The motile parasites can encyst themselves on the fish they came from, which is why Ich can spread so rapidly on a fish. A fish literally covered by cysts is quite usually doomed. Unchecked, Ich can easily kill every fish in a tank. It is one of the few fish parasites that is 100 percent fatal if not promptly addressed.
Thankfully, when identified early enough, when there are just a very few spots of Ich, the prognosis is excellent.
Hundreds if not thousands of times I've recommended founding a quarantine/hospital tank to prevent introducing disease into your main tank. The benefit vies a vise Ich and other diseases is quarantine tanks are most usually small, like a 10-gallon tank. Thus, an observant person can pick out a fish with an Ich spot or two quite easily, and take prompt steps to eliminate the disease.
The most common excuse not to have a quarantine tank is financial, but replacing dead fish routinely will cost you more than the money for a 10-gallon quarantine aquarium set-up in a short time.
There are several methods of eliminating the parasite, and some are more effective and safe then others. The best cures are those that stress the host fish as little as possible.
The most popular cure is marine salt and heat. The former, because most fish can tolerate the salt, the latter, to speed up the life cycle of the parasite. Average temperature for the process is 82 degrees, and salt is added at a prescribed amount for the types of fish you keep. It's best to use real sea salt in this process.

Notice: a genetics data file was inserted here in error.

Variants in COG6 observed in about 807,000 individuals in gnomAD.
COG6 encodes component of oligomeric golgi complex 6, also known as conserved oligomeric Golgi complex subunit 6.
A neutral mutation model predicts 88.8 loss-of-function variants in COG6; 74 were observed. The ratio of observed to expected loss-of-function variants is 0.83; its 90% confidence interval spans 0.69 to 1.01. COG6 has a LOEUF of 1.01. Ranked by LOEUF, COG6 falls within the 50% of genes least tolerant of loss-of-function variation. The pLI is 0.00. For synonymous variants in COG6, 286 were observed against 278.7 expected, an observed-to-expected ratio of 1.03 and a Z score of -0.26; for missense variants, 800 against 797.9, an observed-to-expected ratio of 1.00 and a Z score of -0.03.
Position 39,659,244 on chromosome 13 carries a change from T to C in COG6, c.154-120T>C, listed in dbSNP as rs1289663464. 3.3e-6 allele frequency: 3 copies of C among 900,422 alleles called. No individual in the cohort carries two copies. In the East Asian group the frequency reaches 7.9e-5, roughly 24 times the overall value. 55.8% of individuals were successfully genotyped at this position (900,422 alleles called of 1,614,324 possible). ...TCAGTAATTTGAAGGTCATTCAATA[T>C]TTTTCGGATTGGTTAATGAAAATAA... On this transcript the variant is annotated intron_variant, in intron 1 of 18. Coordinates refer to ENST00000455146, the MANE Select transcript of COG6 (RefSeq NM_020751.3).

It works because the motile parasites, which are those that burst out of those cysts, do not adapt to the osmotic change in the water due to the salt, making it difficult for the motile parasites to move, killing some, and more difficult for them to find a host fish in time. As you remember, if the motile parasites can't find a host fish in 48 hours, they'll die.
I say more difficult to move because at the size protozoans are, water is thick like pancake syrup. Protozoans are mostly water. They have a nucleus where the DNA (Deoxyribonucleic acid) and some of the RNA (Ribonucleic acid) are, with those making the blueprint of what the creature is. The nucleus is surrounded by cytoplasm, which is thick enough to maintain just enough pressure against the water pressure for the protozoan to maintain it's shape. In that cytoplasm there are a few to several small ovals of most of the RNA in communication with the DNA and RNA in the nucleus.
When salt is added, it makes life difficult for the motile protozoans. I. multifilius is a freshwater creature. Protozoans very much are what they are, and thus are such simple organisms with just a single cell they can't adapt to change like higher organisms can. You and I can walk out of a warm house to say, a 30 degree day. People can do it easily; walk between changing temperatures and air pressure. Fighter pilots go through maneuverers of many times the force of gravity. Higher animals can easily adapt to change. Simple organisms can not, at least not in any kind of hurry.